It may be midsummer, but it’s not too soon to be thinking about predator hunting season. In fact, this is the perfect time to get out and dial in your rifle, practice different shooting positions, and sharpen your skills. If you are looking to update or upgrade your gear there are many excellent choices out there. While many prefer bolt action rifles for predator hunting, I use gas-operated semiautomatic rifles, aka ARs, modern sporting rifles, etc.
SIG Sauer has a new model of their M400 Tread rifle called the Tread Predator. The basic configuration is the same as the M400 Tread, with a few notable exceptions. The first thing people notice is the color. It is a light green shade of Cerakote Elite called Jungle. I hunt out west, so tans and browns are more my style for Cerakote, but this flat Jungle should blend in just about anywhere. It’s green enough for a Midwestern forest and subdued enough to do just fine in the sage flats by me.
SIG also changed the stock on this model to add an adjustable cheekpiece as well as adjustment for length of pull. One lever enables changes to either height or length without tools and the stock seems well-engineered. There are four quick detach sling locations, two at the rear of the stock and two at the rear of the lower receiver. SIG also calls out the polished single-stage trigger as unique to this configuration. The trigger guard is large enough to accommodate gloves, and the grip is SIG’s own deSIGn. The Tread Predator ships with a single five-round Magpul magazine, though any standard AR magazine will fit in this rifle.
As with other M400s the safety is ambidextrous, and there are magazine releases on each side as well. The bolt release is left side only. The upper receiver has a Picatinny rail for mounting optics. SIG shipped this test rifle with the Sierra3BDX rifle scope. This scope has an electronic ballistic program that communicates with certain SIG laser range finders such as the Kilo 1000. The scope has a reticle with a bright dot that moves to the proper point of aim once it is linked with the SIG range finder and all necessary ballistic data have been calibrated. It would have been great to test the scope/rangefinder functionality, but SIG did not send a rangefinder for this test.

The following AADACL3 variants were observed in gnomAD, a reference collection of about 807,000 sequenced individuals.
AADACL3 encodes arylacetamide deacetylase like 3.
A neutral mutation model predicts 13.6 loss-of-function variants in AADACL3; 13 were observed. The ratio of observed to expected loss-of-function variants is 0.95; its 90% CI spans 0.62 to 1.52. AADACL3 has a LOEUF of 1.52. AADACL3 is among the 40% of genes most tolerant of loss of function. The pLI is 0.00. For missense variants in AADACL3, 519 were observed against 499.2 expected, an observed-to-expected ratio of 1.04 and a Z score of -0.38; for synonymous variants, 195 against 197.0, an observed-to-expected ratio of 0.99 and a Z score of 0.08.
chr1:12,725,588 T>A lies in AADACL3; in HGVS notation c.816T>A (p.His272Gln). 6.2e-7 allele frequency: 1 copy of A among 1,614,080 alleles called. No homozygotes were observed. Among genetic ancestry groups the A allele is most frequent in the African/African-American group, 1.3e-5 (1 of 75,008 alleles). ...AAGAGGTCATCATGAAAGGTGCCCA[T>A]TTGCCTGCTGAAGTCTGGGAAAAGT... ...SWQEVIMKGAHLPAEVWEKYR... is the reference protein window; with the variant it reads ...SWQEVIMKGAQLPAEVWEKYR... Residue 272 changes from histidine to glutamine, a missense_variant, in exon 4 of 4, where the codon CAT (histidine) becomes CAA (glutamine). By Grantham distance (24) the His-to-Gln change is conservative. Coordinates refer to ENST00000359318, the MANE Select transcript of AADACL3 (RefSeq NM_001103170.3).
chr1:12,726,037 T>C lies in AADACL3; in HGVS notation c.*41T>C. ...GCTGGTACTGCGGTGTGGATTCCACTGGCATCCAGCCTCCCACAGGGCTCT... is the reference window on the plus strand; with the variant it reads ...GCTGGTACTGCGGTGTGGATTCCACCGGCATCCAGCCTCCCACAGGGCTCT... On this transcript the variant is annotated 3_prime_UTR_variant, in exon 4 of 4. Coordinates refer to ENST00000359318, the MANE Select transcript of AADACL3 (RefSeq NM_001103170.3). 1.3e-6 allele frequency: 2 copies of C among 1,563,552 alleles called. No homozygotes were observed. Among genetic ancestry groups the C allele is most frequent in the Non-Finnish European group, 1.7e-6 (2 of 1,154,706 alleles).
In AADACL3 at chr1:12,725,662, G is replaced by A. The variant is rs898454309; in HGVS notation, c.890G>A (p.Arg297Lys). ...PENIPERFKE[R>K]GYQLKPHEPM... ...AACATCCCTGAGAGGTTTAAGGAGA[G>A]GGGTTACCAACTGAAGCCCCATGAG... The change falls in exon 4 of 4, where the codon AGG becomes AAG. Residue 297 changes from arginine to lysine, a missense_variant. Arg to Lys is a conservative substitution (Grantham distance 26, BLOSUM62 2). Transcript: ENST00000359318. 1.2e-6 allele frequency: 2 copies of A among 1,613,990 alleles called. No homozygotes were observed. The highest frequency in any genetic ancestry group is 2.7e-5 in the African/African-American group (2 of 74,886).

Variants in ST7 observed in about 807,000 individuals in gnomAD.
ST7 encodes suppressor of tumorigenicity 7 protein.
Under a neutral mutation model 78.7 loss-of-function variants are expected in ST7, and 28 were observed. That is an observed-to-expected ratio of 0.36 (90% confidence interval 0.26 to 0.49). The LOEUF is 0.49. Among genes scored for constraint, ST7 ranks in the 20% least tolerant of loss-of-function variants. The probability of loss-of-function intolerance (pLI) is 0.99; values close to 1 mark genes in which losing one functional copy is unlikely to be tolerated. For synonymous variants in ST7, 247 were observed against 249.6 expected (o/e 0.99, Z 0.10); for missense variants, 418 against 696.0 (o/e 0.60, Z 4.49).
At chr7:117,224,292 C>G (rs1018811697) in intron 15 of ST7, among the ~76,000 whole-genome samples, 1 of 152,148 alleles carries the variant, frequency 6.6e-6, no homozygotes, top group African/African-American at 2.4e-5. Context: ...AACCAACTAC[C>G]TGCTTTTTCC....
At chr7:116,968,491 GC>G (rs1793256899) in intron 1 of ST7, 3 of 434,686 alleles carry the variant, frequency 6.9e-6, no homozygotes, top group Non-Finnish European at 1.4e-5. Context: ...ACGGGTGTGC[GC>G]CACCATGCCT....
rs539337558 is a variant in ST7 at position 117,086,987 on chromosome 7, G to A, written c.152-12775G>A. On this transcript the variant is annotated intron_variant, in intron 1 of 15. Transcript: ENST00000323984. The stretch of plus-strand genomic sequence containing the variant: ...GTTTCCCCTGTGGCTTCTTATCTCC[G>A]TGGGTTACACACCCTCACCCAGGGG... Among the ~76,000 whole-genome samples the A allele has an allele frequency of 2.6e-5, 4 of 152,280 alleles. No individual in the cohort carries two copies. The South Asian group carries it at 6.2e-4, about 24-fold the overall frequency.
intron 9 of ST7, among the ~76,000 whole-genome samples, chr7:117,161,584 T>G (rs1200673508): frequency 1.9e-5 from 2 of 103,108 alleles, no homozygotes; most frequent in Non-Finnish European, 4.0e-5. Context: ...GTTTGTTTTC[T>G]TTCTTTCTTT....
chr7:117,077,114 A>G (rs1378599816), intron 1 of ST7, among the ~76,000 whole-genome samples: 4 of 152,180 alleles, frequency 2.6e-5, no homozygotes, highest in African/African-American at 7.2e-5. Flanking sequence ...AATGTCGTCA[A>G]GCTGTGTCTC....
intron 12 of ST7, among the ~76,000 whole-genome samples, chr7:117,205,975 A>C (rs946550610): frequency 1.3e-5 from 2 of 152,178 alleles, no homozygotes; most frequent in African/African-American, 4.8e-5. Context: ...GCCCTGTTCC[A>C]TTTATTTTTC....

The Tread Predator has a 15-inch MLOK handguard covering the 16-inch stainless steel barrel chambered in 5.56 NATO with a 1/8 twist. The free-float handguard is slim and comfortable. There are enough MLOK slots to accommodate any accessory setup that one might prefer. The direct impingement gas block is pinned and uses a mid-length gas system. This should provide a bit less recoil than a carbine gas system, allowing for faster follow-up shots. The barrel is threaded 1/2×28 to accept suppressors or other muzzle devices. The barrel is tapered near the muzzle to mate with SIG’s suppressors that feature the reciprocal tapering for a solid suppressor mount. SIG also includes a tapered adapter to mask the barrel taper so that non-SIG suppressors or other muzzle devices may be mounted.